'This money is different': SC Senate majority leader backs local spending of SRS settlement

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Nov. 1—It only makes sense the communities nearest the Savannah River Site receive most of the state's plutonium settlement money, as radioactive substances near Aiken and Barnwell never stopped someone from vacationing in Myrtle Beach, the S.C. Senate majority leader recently said.

"This money is different," Sen. Shane Massey said of the $600 million the Palmetto State secured from the Trump administration last year. "The reason we're getting this money is all because of what the local community had to absorb and had to deal with."

Senate Minority Leader Brad Hutto, an Orangeburg Democrat, Aiken Mayor Rick Osbon and other officials have argued a similar point: The federal government decades ago seized thousands of acres in Aiken, Barnwell and Allendale counties in order to conduct clandestine nuclear work; why should places farther afield, and untouched, be compensated for that?

What's at stake

Some $525 million is up for grabs following the Department of Energy's settlement with South Carolina over the storage of plutonium, a nuclear-weapons ingredient, near Aiken.

It's safe to say everyone wants a piece; the money could springboard long-delayed or transformative projects — broadband, commerce, education, infrastructure — and could make a world of difference for some of the state's poorest areas.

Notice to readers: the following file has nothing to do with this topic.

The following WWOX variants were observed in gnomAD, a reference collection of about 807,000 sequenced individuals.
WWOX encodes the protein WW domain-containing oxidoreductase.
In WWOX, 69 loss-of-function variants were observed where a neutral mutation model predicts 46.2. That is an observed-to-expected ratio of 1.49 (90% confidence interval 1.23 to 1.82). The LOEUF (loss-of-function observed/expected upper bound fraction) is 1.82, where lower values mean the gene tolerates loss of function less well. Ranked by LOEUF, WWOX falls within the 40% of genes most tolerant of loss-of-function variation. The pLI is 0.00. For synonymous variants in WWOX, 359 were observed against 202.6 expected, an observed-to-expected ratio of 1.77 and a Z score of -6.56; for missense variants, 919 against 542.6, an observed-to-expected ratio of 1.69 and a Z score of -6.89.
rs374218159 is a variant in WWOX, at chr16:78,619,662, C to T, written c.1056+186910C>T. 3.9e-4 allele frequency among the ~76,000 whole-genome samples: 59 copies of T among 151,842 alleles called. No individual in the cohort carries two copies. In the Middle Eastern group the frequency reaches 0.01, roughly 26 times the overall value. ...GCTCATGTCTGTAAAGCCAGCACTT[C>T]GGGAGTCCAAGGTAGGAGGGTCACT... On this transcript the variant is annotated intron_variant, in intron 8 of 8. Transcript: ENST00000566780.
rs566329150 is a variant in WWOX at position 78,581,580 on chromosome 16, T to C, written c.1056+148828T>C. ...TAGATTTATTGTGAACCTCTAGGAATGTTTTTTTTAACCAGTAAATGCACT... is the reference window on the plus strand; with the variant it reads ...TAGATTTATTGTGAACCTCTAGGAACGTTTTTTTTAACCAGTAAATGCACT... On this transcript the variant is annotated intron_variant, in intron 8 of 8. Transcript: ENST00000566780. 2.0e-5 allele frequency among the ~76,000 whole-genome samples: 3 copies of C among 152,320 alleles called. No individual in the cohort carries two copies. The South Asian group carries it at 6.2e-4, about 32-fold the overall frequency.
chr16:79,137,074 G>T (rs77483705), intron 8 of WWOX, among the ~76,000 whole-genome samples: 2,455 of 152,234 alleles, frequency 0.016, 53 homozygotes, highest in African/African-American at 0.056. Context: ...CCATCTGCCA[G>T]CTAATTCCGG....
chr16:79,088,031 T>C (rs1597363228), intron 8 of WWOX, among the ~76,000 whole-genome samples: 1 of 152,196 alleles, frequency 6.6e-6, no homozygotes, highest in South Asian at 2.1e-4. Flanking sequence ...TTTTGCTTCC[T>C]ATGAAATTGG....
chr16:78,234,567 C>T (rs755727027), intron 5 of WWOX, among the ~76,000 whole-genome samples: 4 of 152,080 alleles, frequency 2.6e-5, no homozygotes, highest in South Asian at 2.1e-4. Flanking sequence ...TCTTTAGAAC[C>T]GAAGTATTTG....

Leaders across Aiken, Allendale and Barnwell counties are advocating for local application of the funds. It's only right, they have said, to spend the money in the region that for decades has shouldered the radioactive burden of the Savannah River Site.

Support from political leadership, including the S.C. Senate majority and minority leaders, is instrumental to that end.

"Obviously," said Sen. Brad Hutto, D-Orangeburg, "any time you talk about money, everybody thinks they have a good project, right?"

"There are people that have not come here, or there have been business that have not located here," said Massey, R-Edgefield, "and there are businesses that are negatively affected because of decisions the federal government has made regarding the storage or the distribution of the plutonium."

Metric tons of plutonium are kept at the Savannah River Site, about 30 minutes south of Aiken. The Department of Energy is working to process and remove the material, which can be used in nuclear weapons.

Exactly how the money — $525 million after attorneys fees — will be divvied up falls to the Legislature. Gov. Henry McMaster has said he is not worried about the appropriations process being commandeered.

"I think it's going to work out just right," the governor said in August.

Hutto in September suggested implementing a tiered system for the money. The algorithm — three buckets, he called it — would favor Aiken, Allendale and Barnwell counties, but would still provide money to areas outside the Savannah River Site neighborhood.

"We're not asking for all of the money," Hutto told fellow lawmakers, "but we're asking that we get our fair share."

Massey last week predicted the money would not be appropriated until the new year.

"The Senate had talked about going back to address it. The House decided that they weren't going to do anything budget-related until January. It's something that has to be passed by both bodies," the senator said. "I do think there's been a good bit of work on it, though."

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